An expert computer security programmer who successfully manipulated the results of a mock election held on a Diebold optical-scan voting machine in Florida, as well as finding major security vulnerabilities on a Diebold touch-screen system in Utah, has agreed to meet a public challenge to "manipulate" a Sequoia voting system in Riverside County, California.
Finnish computer security expert Harri Hursti, who along with Dr. Herbert H. Thompson
of Security Innovation accomplished the landmark Diebold voting machine manipulations, has agreed to meet the open challenge put forward by Riverside County Supervisor Jeff Stone during a video-taped public board meeting last week.
Several national Election Integrity individuals, along with the non-partisan watchdog organization VelvetRevolution.us, have agreed to stake $1000 to meet Stone's "thousand to one" bet that the county's voting machines, made by Sequoia Voting Systems, can indeed be manipulated.
As The BRAD BLOG reported last week, the gauntlet was thrown down at the county's Board of Supervisors meeting when, during the public comment period, Stone issued his challenge to Maxine Ewig, an Election Integrity advocate from the SAVE R VOTE project of Democracy for America (DFA) - Temecula Valley.
(Our original story linked to a video of the exchange as posted on the County's website. A different camera angle on the challenge, revealing an interesting expression or two from the County's Executive Officer, Larry Parrish, is now posted here in Streaming Flash Video, appx. 2 and a half minutes.)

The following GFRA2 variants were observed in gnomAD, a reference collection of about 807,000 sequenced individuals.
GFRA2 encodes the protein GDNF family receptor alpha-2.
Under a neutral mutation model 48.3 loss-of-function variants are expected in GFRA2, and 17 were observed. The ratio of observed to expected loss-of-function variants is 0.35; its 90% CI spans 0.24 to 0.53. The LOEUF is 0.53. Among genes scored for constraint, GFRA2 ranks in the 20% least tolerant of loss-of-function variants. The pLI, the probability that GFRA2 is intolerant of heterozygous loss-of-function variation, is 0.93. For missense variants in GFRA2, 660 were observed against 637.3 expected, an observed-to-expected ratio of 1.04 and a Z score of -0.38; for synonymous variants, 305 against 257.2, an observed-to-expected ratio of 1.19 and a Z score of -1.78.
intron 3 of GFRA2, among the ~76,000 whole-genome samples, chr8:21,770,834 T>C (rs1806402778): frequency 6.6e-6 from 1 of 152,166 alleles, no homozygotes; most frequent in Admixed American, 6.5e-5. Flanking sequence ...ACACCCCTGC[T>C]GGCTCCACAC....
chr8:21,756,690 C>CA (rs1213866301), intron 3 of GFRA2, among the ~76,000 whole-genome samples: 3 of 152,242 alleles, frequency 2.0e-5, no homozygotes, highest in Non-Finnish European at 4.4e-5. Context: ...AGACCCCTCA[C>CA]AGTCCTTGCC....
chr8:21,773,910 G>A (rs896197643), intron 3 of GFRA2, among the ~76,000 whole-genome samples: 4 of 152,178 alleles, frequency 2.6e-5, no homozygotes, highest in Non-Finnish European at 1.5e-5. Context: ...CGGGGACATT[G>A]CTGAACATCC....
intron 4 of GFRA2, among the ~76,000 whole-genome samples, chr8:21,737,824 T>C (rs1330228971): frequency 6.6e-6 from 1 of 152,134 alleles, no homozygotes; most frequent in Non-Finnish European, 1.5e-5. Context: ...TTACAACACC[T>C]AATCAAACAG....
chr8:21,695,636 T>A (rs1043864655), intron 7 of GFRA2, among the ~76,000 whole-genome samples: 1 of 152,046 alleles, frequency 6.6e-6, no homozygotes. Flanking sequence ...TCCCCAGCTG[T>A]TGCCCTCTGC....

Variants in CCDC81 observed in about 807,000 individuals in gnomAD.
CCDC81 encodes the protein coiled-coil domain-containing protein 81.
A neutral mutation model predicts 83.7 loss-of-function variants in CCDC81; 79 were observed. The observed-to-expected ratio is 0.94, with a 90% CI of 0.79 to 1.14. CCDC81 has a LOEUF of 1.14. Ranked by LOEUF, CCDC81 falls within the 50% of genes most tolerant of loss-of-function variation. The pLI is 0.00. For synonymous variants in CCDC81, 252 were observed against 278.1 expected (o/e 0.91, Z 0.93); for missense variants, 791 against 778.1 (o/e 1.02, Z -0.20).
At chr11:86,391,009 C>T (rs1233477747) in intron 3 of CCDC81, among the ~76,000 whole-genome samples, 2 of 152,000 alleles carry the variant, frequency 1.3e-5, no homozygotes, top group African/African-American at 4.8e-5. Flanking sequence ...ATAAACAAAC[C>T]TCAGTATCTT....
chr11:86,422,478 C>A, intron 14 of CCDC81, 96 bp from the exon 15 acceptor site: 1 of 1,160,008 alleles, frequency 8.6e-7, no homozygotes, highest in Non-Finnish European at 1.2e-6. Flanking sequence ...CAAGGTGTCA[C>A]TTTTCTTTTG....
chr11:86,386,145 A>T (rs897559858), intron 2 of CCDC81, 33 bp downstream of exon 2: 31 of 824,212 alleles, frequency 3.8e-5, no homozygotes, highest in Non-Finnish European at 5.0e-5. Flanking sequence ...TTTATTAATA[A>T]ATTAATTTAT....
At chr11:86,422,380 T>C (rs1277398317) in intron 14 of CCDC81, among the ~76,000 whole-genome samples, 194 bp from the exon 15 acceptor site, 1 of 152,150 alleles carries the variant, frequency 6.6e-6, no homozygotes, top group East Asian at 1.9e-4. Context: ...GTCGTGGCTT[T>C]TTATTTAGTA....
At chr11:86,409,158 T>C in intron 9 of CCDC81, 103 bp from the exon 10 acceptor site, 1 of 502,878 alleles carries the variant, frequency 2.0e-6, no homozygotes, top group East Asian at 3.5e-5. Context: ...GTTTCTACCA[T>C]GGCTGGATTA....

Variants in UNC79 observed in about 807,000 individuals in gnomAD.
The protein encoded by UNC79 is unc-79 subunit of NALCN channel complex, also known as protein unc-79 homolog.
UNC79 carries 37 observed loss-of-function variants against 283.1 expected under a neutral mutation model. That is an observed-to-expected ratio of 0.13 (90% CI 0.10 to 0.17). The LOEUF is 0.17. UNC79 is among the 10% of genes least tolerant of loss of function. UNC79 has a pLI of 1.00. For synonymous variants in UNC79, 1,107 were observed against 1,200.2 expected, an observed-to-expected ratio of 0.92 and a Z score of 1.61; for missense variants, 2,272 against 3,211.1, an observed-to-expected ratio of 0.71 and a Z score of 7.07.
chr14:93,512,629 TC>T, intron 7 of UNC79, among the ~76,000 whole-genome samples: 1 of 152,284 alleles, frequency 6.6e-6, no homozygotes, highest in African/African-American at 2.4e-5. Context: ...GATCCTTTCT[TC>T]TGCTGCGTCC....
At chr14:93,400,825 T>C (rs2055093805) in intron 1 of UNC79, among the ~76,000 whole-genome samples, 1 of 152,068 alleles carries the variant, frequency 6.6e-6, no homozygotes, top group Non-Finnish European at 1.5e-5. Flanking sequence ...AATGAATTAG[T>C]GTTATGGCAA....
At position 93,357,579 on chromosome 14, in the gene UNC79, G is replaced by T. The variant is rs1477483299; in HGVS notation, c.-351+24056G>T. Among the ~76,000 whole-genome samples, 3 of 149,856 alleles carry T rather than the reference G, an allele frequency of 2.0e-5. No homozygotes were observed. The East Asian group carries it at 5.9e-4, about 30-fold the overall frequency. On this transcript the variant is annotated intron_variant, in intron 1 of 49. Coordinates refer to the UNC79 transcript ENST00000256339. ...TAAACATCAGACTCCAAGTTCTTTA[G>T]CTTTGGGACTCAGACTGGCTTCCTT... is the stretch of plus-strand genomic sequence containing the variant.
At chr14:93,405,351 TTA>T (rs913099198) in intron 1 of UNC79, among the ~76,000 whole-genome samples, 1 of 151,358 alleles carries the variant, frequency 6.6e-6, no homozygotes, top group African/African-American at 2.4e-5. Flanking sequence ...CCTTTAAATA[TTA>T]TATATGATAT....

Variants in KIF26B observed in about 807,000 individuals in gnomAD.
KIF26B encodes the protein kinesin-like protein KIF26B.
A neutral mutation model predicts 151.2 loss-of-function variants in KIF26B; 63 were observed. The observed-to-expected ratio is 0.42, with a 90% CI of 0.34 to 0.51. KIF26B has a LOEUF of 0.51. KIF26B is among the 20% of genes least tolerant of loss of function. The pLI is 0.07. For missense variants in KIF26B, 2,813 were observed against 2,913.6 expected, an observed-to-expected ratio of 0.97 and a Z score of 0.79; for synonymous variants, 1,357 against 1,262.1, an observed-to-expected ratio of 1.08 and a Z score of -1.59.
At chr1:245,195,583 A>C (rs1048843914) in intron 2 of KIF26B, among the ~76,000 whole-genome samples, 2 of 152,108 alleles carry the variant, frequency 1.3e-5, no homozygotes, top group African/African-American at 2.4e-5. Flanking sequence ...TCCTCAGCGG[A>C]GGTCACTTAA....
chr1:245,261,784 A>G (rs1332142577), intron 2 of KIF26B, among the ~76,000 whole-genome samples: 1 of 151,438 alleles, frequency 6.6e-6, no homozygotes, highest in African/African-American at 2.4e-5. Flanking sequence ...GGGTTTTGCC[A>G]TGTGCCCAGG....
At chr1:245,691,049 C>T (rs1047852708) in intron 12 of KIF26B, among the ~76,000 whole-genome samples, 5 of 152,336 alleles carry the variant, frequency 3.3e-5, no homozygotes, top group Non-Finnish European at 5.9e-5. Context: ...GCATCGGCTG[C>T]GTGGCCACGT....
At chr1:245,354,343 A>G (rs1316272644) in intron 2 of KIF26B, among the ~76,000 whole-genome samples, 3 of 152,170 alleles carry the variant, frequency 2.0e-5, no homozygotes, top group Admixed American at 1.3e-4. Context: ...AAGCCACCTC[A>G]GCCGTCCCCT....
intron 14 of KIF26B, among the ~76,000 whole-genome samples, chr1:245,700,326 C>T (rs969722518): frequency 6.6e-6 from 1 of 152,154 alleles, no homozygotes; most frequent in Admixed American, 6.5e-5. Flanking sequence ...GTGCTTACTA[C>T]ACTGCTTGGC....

The SAVE R VOTE members were on hand at the meeting to express a series of concerns about the security and accuracy of the county's voting systems in light of problems which plagued the county's 2006 election. The county has decided to create a "Blue Ribbon Commission" to look into reported problems, but announced today that they will not be including any of the Election Integrity advocate citizens from SAVE R VOTE on the panel.
After denials from several Supervisors that there were serious security concerns in their voting systems, DFA's Maxine Ewig had informed the board during the public comment period last week that she had been told by a programmer that they "had not seen any machine or program that could not be manipulated."
In response, Stone interrupted to make his challenge, offering "to set up an appointment with one of our machines" in order to "verify that [a programmer] can manipulate that machine."
It wouldn't be the first time Hursti hacked a voting system in front of the media. Both he and Thompson were seen performing a now-infamous Diebold optical-scan system hack in Leon County, Florida, in the recent HBO documentary film Hacking Democracy.
Hursti, writing to The BRAD BLOG from Shanghai where he is currently working on another project, decried the lack of "hack testing" for electronic voting systems now used across America and welcomed the opportunity to test Riverside's Sequoia system.
"It is important that all vendors' makes and models are tested against obvious attacks," he wrote.
Prior to the final confirmation of Hursti's agreement to participate in the hack test, DFA - Temecula Valley issued a press release this morning lauding Stone for the opportunity being presented for independent experts to test the county's voting system vulnerabilities. (Complete press release posted at end of this article.)
In an email sent to The BRAD BLOG earlier today, Ewig wrote that she was "pleased [to have] Hursti's commitment to come to Riverside County to demonstrate the vulnerability" of the Sequoia systems.
Security Innovation's Thompson --- who worked with Hursti, along with election watchdog group BlackBoxVoting.org, on the hack of the Diebold optical-scan system in Leon County, FL, last December as well as the touch-screen system last March in Emery County, UT --- was also excited at the opportunity to examine Riverside's voting system....